At this point, the brain analyses phonemes. Later, the left parieto-temporal area of the brain functions by pulling apart words into their constituent syllables and sounds and linking them to their phonemic identities or appropriate sounds.
If the first two stages operate accurately, the left occipito-temporal area helps to automate the process and the person develops into a skilled reader, accessing words quickly and effortlessly
The I Can Read System has an impressive empirical track record and growing reputation we are very proud of. This section summarises the results of two controlled studies to measure the effectiveness of the unique I Can Read System.
Our 2000 study took place in Singapore, and was supervised by the Singapore Ministry of Education. In this study, a group of subjects were matched and separated into 2 groups. Both groups were pre-tested to make sure that the groups were academically aligned and confirm that one group was not ahead of the other.
The pre-test measure included the Singapore Word Reading Test (SWRT), a sample word list, a sample passage, 3 additional lists of words containing what we call regularity sight words and a list of what we call pseudo words (regular phonetically, but without meaning).
In the table below, the pre-test observations indicate that the two groups score similarly and there is no significant difference between them.
After 7 weeks, both groups were retested.
During this period, Group 1 (the Control Group) continued to receive their normal remediation classes, while Group 2 received an intervention based on the I Can Read methodology.
The Breakdown of post-test measures on the table above shows that both groups started out with similar scores (a Reading Age of 64 months and 66 months, respectively).
In the post-study follow up, we can see the following:
In the Sample Word List measure, Group 1 students made 35 errors and Group 2 students made .03 errors.
In the Sample Passage measure, Group 1 students made 31.6 errors, and Group 2 students made 0 errors.
In the Regular Word List measure, Group 1 students made 9.1 errors and Group 2 students made 7.75 errors.
In the Sight Word List measure, Group 1 students made 11.6 errors and Group 2 students made 8.75 errors.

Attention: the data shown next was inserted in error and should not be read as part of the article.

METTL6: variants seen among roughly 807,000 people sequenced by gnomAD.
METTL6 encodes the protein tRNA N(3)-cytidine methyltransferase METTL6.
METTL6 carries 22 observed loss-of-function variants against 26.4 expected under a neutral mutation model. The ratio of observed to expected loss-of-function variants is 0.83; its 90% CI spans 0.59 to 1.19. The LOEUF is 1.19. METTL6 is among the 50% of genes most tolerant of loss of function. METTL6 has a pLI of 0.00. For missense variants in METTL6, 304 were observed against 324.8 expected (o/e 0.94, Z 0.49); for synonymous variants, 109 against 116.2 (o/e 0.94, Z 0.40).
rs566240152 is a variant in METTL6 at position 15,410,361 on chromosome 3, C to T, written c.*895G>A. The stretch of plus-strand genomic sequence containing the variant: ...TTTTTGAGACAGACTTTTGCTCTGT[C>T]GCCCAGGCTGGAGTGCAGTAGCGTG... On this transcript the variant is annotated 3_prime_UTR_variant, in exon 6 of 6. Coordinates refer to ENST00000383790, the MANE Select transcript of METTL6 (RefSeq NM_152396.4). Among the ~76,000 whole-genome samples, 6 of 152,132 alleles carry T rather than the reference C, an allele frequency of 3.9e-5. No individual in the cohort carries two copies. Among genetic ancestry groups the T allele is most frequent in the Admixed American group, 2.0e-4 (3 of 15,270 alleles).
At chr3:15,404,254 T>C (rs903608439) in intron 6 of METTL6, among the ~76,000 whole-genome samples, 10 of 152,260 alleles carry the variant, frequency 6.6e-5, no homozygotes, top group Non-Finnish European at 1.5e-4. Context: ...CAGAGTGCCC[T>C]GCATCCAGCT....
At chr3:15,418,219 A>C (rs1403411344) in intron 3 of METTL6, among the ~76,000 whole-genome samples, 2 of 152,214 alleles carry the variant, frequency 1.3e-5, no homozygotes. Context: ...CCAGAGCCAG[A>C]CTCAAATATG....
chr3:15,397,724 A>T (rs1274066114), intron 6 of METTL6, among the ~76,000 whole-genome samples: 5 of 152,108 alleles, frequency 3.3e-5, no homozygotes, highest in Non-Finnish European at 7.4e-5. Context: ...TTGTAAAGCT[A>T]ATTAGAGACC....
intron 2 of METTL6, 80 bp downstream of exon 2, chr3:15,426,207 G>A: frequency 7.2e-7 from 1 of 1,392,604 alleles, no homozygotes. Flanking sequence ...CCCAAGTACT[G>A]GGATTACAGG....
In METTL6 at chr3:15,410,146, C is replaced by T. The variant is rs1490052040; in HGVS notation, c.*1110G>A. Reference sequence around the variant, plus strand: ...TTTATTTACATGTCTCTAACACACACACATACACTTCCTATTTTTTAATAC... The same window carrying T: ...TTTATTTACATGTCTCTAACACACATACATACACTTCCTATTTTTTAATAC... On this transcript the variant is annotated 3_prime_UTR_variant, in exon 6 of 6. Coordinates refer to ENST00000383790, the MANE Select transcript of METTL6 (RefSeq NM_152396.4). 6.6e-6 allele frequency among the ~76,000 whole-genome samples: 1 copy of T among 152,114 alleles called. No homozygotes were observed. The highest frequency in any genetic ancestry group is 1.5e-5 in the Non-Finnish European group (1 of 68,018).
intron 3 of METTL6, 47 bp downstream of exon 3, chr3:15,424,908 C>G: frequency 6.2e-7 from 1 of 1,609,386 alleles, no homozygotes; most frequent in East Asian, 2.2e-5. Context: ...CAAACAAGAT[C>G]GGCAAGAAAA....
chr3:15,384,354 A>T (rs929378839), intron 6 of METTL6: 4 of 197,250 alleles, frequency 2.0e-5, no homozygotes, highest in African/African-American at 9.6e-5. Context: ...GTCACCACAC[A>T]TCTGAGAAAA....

And in the Pseudo Word List measure, Group 1 students made 17.4 errors and Group 2 students made 3.75 errors.
The graph above left shows the Reading Age (in months) of both groups of students, before and after the 7 week study period.
The graphs above middle and right show the post-test comparisons for the two separate tests.
The SWRT (Singapore Word Reading Test) post-test measures show that the Control Group demonstrated a reading age of 84 months, while the ICR Group demonstrated a reading age of 93 months.
An independent post-test measure was also undertaken using the NARA (Neale Analysis of Reading Ability) assessment.
In this test, the Control Group demonstrated a reading age of 73 months and the ICR Group demonstrated a reading age of 94 months: an exceptional 21 month improvement of the ICR Group compared to the Control Group.
ADDITIONAL STUDIES 2003 – 2005 IN TWO SCHOOLS
A number of additional studies were undertaken in two schools between 2003 and 2005 for students of six years.
The graphs below illustrate the before and after effects of the ICR System. These graphs show the reduction of errors made in the reading of sight words and regular words post-study. Error rates documented prior to students commencing the I Can Read programme are shown in green and error rates documented after students completed the I Can Read programme are shown in orange.